The e-commerce platform mandated by Congress and charged to the General Service Administration to build may have bigger challenges than any protest or industry complaint.
The White House is cracking down on counterfeit products and threatening Amazon, Walmart.com, eBay and others with suspension and debarment unless they address this growing concern.
President Donald Trump signed an executive order on Jan. 31 outlining the actions the government will take should these e-commerce platforms fail to solve these problems.
“Counterfeiting is the purest expression of intellectual property theft. And much of the counterfeit trafficking we are observing today is facilitated by e-commerce platforms like Amazon, Alibaba, E-Bay, Shopify, JD.com, and Walmart.com,” said Peter Navarro, the assistant to the President for trade and manufacturing policy, during a press call. “Today, when people shop online in what they think is the safety of their homes and on their favorite e-commerce platforms, they have an unacceptably high risk of being defrauded or even harmed by everything from contaminated infant formula, inferior child car seats, exploding batteries, and dangerous electronics, to deadly substances like fentanyl which can appear in fake prescription opioids. Put simply, what’s being sold on the Internet these days aren’t goods in a lot of cases — they’re ‘bads.’ This crisis is not about any one e-commerce platform. This is about e-commerce platforms as a class playing by a different set of rules that simultaneously hammer brick-and-mortar retailers, defraud consumers, steal American jobs and rip off intellectual property rights holders.”
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The Wall Street Journal reported in late November that Amazon, Walmart and eBay were among the companies which have expressed interest in bidding on the e-commerce solicitation.
It’s those different sets of rules that Navarro describes that has been at the center of much of the uneasiness about the e-commerce platform over the last 18 months.
The questions about how e-commerce platform providers will comply laws governing federal procurements, and whether GSA will create two separate and unequal procurement systems for the government have consistently come up during discussions with industry.
This executive order could throw more of a wrench into GSA’s plans than any bid protest, for which there have been two. The first was an agency-level protest by Amazon. The second, more recent one, is from Overstock.com, which is challenging the terms of the solicitation. It is arguing that the solicitation imposes unreasonable requirements that restrict competition. GAO has until April 24 to decide this protest.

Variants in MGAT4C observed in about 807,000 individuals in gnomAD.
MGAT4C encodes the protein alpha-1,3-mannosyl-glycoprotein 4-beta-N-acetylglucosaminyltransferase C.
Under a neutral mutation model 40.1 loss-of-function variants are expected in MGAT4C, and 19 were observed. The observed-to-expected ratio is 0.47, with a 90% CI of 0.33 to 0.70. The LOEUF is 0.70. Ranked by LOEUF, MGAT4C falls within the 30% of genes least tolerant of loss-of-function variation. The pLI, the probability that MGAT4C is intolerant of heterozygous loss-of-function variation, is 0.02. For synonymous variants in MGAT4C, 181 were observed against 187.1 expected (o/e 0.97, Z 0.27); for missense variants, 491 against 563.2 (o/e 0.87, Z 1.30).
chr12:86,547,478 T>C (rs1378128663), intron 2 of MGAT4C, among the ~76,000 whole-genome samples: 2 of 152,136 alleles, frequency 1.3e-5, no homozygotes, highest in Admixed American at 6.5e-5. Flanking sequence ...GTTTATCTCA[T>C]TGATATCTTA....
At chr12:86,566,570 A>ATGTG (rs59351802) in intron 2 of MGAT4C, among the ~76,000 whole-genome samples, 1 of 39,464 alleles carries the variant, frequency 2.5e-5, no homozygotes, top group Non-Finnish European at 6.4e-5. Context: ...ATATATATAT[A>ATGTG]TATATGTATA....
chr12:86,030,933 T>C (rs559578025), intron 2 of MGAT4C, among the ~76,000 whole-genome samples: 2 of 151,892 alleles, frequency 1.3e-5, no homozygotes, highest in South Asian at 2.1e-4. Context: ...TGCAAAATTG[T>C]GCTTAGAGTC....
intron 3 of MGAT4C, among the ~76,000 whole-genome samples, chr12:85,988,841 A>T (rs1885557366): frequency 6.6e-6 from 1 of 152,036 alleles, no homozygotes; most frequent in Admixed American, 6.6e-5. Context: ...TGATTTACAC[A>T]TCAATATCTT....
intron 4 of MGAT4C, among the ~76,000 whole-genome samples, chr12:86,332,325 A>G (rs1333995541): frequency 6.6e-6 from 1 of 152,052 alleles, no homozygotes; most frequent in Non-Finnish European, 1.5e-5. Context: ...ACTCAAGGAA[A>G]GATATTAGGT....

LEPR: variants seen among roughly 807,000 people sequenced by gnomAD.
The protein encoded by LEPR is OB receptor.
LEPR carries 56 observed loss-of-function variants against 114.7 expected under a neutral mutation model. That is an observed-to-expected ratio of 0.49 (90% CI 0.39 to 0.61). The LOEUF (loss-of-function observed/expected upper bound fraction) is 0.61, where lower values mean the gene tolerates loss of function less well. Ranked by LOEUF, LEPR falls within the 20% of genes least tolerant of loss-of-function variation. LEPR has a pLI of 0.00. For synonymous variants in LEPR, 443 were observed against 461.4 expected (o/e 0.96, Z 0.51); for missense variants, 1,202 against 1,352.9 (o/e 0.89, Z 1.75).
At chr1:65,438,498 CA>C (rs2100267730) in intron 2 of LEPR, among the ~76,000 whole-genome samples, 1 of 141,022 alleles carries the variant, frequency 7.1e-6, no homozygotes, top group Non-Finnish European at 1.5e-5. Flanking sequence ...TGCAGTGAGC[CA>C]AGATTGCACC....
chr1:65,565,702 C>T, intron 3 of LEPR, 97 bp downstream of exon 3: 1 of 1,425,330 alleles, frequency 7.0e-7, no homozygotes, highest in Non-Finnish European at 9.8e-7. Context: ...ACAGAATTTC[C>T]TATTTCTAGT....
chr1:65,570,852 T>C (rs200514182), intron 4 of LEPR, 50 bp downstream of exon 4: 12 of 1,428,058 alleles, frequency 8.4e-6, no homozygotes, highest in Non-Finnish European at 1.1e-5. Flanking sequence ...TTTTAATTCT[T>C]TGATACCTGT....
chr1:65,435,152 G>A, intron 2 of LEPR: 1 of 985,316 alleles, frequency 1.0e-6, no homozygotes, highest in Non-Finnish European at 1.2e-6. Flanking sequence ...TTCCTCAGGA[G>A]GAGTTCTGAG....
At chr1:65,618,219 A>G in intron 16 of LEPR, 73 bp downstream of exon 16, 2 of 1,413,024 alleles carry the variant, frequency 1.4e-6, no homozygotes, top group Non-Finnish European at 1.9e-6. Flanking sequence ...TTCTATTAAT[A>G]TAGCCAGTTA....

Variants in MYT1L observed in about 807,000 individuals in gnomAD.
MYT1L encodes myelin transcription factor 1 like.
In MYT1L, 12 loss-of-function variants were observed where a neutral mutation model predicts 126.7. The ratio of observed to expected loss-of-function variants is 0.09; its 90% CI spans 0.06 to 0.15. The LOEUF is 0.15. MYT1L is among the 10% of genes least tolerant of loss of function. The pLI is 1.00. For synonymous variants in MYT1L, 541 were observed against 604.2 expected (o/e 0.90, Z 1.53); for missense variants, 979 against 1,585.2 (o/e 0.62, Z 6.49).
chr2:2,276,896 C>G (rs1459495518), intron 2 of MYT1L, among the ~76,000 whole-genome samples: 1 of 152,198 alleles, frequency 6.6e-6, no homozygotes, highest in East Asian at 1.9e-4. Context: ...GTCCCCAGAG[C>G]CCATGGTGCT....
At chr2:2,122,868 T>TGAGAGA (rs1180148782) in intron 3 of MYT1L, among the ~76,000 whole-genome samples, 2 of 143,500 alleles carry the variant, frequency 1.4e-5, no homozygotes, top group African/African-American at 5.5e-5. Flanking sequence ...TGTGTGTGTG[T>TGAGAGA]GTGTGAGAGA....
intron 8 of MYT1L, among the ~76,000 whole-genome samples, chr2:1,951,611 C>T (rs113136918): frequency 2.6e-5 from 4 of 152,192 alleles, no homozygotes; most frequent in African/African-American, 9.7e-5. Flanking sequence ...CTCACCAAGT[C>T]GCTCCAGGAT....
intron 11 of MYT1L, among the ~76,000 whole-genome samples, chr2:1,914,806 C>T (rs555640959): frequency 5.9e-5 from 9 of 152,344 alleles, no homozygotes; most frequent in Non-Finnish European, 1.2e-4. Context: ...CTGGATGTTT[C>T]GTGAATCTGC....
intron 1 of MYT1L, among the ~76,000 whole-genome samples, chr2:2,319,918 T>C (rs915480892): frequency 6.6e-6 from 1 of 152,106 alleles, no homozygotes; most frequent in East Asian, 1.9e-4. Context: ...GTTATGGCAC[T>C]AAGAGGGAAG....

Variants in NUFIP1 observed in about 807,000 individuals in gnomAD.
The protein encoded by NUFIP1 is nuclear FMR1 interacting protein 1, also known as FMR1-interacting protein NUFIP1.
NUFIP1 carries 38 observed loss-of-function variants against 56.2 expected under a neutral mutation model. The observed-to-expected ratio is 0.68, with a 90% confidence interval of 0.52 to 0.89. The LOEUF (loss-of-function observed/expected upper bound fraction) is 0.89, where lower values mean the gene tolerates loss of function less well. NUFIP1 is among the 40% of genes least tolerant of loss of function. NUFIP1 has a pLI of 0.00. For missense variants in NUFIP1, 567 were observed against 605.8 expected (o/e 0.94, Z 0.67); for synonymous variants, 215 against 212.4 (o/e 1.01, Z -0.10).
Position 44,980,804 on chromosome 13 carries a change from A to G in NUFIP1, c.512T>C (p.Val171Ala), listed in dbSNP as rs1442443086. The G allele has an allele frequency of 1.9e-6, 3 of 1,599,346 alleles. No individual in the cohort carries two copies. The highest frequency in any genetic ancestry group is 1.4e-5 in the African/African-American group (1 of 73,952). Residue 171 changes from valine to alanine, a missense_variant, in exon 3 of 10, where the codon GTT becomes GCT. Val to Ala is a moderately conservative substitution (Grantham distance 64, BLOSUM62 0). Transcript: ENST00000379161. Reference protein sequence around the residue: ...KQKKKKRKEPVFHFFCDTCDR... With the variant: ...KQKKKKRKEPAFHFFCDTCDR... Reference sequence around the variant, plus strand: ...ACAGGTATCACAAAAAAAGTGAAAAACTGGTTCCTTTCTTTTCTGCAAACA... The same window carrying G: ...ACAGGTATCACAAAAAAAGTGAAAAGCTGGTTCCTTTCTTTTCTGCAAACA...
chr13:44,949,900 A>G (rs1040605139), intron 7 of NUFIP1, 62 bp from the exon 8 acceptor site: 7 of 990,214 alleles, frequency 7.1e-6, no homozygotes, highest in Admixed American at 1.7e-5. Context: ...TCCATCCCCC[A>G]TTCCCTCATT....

This executive order ups the ante for GSA and whether it can address the concerns the White House is highlighting. GSA plans to launch the proof-of-concept this spring and run it for three years.
The e-commerce platforms do not have to comply with specific laws like the Trade Agreements Act or the Buy American Act because purchases are under the micro-purchase threshold of $10,000.
But this is not the case for the new requirements under the executive order, which is why they are a bigger threat to the e-commerce platform than anything else. GSA estimated agencies spend about $6 billion a year on purchases below the MPT.
The EO calls on the Department of Homeland Security and Customs and Border Protection directorate to take steps to establish criteria for companies or individuals to protect intellectual property and the supply chain.
“E-commerce platforms like Amazon, Alibaba, JD.com, and Shopify also are the great enablers of counterfeit trafficking,” Navarro said. “Within days that a new American innovation appears for sale on the web, counterfeit — counterfeiters in places like China can set up competing websites offering knockoffs made with inferior materials at a third of the cost and sold at half the cost. As soon as you put up a new innovation for sale on the internet, it’s likely to be copied.”